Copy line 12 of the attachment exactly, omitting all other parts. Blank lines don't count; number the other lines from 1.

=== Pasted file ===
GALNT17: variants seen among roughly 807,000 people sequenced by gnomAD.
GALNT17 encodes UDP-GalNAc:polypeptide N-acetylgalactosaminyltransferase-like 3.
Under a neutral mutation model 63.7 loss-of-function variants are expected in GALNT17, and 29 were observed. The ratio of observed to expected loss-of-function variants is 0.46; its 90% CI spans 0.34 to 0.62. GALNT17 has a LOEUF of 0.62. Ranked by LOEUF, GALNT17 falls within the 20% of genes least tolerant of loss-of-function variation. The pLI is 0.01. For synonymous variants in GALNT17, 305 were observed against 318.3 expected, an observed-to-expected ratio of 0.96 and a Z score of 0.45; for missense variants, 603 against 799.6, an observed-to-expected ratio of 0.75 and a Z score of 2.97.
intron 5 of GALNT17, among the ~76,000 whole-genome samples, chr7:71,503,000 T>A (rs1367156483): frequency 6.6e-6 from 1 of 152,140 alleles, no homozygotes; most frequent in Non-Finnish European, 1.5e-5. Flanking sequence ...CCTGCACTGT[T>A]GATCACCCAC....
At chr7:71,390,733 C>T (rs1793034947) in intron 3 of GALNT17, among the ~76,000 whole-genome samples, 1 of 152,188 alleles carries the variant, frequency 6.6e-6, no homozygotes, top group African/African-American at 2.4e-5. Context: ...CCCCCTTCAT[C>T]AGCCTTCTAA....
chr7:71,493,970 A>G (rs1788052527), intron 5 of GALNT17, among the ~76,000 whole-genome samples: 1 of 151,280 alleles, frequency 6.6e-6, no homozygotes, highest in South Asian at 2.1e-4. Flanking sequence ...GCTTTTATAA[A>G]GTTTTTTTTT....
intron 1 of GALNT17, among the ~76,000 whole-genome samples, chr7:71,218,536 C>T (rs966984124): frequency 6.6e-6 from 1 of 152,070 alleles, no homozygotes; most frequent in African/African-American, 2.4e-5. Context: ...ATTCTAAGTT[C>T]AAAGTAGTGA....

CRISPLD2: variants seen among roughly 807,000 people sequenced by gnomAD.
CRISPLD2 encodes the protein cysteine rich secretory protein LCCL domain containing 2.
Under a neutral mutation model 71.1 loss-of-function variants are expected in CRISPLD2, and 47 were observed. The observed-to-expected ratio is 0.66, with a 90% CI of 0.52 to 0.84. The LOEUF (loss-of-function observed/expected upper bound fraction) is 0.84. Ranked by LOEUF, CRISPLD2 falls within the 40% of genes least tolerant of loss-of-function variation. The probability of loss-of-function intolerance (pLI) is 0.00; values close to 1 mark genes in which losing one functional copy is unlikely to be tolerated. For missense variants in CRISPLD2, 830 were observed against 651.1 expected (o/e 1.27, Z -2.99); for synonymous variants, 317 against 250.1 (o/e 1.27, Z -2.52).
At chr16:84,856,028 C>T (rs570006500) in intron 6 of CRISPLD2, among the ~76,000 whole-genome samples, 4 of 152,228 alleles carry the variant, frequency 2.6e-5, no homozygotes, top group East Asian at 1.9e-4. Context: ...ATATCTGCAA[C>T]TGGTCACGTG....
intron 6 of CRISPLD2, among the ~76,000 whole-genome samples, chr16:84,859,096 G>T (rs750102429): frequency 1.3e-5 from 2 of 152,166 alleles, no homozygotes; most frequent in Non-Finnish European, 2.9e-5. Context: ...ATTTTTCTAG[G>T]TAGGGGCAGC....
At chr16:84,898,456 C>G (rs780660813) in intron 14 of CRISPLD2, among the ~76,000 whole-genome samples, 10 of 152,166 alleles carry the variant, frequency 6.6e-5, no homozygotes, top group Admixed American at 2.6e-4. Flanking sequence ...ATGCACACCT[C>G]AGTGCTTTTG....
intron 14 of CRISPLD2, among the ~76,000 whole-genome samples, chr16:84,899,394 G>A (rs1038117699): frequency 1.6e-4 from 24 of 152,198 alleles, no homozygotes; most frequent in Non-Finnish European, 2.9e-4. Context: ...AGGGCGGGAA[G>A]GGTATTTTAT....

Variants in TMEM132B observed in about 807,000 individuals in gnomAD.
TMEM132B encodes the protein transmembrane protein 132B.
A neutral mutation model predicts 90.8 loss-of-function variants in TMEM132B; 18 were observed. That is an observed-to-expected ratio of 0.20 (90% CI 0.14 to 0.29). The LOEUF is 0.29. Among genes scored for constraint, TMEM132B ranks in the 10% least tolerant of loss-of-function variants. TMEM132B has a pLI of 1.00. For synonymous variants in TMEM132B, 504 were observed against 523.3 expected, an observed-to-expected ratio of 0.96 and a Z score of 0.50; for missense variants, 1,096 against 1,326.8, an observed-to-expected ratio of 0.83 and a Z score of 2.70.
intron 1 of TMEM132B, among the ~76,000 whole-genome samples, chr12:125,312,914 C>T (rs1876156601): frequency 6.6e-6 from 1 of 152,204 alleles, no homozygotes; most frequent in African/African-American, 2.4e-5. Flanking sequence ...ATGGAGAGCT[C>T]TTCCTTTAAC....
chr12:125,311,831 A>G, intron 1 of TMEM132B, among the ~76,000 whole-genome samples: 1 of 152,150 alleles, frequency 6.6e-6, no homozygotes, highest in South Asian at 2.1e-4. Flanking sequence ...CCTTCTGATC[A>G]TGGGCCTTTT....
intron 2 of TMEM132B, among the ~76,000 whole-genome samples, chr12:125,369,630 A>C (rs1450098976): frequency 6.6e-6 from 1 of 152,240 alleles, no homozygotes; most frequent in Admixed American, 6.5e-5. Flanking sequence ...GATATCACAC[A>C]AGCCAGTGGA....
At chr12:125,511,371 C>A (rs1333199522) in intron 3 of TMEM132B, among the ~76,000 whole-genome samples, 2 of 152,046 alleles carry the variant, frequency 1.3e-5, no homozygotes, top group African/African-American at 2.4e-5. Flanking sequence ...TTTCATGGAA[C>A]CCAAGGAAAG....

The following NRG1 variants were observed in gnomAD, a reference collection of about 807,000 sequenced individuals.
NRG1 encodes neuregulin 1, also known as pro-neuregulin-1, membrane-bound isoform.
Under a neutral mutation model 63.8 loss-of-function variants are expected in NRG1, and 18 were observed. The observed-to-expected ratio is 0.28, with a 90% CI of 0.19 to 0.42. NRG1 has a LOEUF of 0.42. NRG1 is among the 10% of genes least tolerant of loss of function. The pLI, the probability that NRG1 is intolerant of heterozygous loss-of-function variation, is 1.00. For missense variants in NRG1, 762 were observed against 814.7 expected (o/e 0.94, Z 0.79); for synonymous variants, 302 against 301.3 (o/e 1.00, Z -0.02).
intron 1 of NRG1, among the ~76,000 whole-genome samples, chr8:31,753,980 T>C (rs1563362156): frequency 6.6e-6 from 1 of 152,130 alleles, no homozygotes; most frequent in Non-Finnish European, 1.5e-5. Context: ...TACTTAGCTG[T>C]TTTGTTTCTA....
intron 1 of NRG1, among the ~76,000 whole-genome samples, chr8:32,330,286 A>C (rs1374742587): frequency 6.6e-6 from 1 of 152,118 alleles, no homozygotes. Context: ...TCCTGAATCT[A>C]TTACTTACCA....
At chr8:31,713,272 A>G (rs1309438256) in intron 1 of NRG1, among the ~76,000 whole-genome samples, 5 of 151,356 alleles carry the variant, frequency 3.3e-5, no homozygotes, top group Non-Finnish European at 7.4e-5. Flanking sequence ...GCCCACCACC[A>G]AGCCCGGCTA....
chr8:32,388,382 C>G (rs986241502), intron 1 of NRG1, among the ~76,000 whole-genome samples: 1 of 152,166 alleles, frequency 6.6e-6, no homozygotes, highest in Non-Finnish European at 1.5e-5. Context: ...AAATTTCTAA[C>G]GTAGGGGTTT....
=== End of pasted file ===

intron 6 of CRISPLD2, among the ~76,000 whole-genome samples, chr16:84,859,096 G>T (rs750102429): frequency 1.3e-5 from 2 of 152,166 alleles, no homozygotes; most frequent in Non-Finnish European, 2.9e-5. Context: ...ATTTTTCTAG[G>T]TAGGGGCAGC....